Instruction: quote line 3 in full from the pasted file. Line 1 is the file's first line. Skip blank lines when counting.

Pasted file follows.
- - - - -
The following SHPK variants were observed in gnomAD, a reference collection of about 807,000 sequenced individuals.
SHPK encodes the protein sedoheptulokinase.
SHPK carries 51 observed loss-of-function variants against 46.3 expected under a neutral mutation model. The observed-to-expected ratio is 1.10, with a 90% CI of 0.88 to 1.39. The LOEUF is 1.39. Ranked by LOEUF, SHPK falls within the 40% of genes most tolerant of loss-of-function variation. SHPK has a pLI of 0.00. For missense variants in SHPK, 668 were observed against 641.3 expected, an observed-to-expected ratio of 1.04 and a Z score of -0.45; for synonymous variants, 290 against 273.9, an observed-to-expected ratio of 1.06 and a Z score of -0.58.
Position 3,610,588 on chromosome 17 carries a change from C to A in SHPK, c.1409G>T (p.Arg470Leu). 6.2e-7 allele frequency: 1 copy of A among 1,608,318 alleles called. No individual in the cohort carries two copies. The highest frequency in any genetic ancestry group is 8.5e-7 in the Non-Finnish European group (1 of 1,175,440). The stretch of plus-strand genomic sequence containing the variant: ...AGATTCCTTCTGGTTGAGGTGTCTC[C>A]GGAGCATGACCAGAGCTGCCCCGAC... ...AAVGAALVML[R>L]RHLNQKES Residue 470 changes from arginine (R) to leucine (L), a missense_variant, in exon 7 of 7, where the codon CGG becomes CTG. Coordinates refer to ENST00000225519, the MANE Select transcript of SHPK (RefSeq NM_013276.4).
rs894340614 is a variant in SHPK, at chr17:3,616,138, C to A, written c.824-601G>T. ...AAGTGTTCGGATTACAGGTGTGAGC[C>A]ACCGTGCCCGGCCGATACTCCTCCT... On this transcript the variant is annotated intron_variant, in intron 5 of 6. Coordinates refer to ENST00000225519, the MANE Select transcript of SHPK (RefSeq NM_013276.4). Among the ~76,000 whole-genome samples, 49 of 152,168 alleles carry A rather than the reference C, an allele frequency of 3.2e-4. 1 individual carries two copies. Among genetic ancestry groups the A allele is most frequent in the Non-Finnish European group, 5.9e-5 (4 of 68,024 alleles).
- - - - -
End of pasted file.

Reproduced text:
SHPK carries 51 observed loss-of-function variants against 46.3 expected under a neutral mutation model. The observed-to-expected ratio is 1.10, with a 90% CI of 0.88 to 1.39. The LOEUF is 1.39. Ranked by LOEUF, SHPK falls within the 40% of genes most tolerant of loss-of-function variation. SHPK has a pLI of 0.00. For missense variants in SHPK, 668 were observed against 641.3 expected, an observed-to-expected ratio of 1.04 and a Z score of -0.45; for synonymous variants, 290 against 273.9, an observed-to-expected ratio of 1.06 and a Z score of -0.58.